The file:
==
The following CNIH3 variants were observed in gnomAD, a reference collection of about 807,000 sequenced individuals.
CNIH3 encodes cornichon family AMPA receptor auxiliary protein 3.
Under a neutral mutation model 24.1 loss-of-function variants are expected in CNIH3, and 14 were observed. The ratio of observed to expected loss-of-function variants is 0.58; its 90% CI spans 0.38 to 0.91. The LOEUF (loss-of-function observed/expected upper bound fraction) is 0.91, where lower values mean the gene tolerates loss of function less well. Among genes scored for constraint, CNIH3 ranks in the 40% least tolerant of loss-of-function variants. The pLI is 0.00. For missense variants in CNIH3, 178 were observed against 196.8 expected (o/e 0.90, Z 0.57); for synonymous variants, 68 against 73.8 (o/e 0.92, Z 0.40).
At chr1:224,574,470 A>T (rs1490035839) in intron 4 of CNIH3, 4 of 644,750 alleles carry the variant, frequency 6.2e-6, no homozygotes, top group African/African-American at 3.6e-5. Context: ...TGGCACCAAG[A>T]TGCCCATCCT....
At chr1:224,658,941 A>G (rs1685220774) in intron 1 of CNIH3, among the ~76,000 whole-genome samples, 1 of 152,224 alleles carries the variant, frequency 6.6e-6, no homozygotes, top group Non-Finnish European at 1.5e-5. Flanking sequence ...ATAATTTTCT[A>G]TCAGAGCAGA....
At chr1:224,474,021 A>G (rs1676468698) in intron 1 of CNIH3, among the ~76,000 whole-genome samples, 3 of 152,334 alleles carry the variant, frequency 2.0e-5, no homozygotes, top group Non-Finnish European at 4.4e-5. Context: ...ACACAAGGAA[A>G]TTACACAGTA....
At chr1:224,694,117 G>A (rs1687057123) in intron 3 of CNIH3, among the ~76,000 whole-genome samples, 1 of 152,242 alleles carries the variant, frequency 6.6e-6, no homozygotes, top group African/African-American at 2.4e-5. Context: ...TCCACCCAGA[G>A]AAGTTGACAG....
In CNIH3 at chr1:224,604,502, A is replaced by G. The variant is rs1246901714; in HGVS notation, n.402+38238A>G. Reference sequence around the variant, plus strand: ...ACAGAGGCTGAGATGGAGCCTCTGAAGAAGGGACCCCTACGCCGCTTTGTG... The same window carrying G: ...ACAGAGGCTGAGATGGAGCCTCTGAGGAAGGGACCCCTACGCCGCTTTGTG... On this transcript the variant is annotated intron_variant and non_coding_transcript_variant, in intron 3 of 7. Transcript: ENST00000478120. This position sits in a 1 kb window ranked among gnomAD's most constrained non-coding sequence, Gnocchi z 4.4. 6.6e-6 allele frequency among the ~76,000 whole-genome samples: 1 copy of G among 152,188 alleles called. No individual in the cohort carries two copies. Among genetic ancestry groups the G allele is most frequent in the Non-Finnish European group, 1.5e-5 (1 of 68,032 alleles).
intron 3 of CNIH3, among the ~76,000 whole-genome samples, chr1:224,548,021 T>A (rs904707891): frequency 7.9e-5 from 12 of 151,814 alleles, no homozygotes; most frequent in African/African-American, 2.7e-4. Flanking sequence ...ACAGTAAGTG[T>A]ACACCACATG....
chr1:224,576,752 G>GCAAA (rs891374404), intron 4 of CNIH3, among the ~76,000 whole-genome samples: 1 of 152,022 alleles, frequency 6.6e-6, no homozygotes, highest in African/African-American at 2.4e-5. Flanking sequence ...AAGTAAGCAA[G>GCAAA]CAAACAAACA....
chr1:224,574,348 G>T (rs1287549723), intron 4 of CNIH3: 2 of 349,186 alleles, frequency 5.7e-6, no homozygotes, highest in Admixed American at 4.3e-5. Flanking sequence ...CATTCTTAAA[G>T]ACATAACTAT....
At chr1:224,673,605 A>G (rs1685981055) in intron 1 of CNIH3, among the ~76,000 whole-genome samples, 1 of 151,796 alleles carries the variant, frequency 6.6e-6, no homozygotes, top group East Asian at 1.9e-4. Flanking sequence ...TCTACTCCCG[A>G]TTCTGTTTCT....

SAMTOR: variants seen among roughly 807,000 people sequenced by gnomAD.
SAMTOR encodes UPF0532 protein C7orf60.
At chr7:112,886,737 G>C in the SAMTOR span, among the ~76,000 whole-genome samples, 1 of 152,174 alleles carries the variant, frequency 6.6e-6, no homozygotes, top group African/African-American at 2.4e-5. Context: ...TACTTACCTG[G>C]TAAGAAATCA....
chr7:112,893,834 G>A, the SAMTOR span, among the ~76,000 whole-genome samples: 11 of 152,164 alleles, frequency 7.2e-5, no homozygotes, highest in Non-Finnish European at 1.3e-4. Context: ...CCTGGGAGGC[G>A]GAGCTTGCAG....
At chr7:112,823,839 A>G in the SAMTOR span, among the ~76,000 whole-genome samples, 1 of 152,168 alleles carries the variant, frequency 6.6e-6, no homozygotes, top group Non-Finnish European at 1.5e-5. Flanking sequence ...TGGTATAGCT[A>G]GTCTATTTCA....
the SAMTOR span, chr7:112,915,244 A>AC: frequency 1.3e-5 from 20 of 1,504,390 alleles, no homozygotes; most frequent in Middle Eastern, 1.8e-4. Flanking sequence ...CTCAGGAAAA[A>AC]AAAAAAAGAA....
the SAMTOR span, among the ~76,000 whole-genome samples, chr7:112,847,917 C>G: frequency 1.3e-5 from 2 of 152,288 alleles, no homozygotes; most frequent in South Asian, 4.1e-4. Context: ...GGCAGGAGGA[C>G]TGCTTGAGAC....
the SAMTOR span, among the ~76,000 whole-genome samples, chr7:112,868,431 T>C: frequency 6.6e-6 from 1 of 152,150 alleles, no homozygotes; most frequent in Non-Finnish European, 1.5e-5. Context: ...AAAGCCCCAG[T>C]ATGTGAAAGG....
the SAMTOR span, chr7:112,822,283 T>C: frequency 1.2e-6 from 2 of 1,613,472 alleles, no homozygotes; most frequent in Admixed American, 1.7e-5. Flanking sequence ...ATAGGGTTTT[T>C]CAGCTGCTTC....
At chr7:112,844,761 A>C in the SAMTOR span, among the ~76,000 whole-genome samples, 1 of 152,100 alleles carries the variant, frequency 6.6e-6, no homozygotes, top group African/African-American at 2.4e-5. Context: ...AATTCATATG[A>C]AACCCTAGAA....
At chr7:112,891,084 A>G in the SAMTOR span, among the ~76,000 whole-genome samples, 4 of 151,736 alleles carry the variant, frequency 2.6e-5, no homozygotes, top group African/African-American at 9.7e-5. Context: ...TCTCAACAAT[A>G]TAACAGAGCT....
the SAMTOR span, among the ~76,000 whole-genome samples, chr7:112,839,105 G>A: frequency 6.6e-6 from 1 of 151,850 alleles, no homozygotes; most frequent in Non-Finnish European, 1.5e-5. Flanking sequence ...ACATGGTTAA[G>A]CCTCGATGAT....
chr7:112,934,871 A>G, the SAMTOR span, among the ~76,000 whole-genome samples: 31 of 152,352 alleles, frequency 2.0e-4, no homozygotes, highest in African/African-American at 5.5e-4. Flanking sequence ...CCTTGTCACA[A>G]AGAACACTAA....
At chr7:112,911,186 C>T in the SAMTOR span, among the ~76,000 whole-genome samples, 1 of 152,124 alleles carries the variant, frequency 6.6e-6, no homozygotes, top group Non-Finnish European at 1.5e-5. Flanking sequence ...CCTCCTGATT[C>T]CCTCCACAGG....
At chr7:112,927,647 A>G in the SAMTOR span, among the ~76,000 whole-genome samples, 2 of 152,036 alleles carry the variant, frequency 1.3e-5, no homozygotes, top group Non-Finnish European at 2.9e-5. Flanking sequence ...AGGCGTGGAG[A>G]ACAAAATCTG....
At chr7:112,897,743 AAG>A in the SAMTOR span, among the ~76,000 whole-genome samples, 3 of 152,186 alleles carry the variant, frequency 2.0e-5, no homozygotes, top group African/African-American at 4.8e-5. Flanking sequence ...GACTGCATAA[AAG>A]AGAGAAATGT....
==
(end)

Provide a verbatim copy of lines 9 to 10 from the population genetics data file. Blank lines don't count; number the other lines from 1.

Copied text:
intron 3 of CNIH3, among the ~76,000 whole-genome samples, chr1:224,548,021 T>A (rs904707891): frequency 7.9e-5 from 12 of 151,814 alleles, no homozygotes; most frequent in African/African-American, 2.7e-4. Flanking sequence ...ACAGTAAGTG[T>A]ACACCACATG....
chr1:224,576,752 G>GCAAA (rs891374404), intron 4 of CNIH3, among the ~76,000 whole-genome samples: 1 of 152,022 alleles, frequency 6.6e-6, no homozygotes, highest in African/African-American at 2.4e-5. Flanking sequence ...AAGTAAGCAA[G>GCAAA]CAAACAAACA....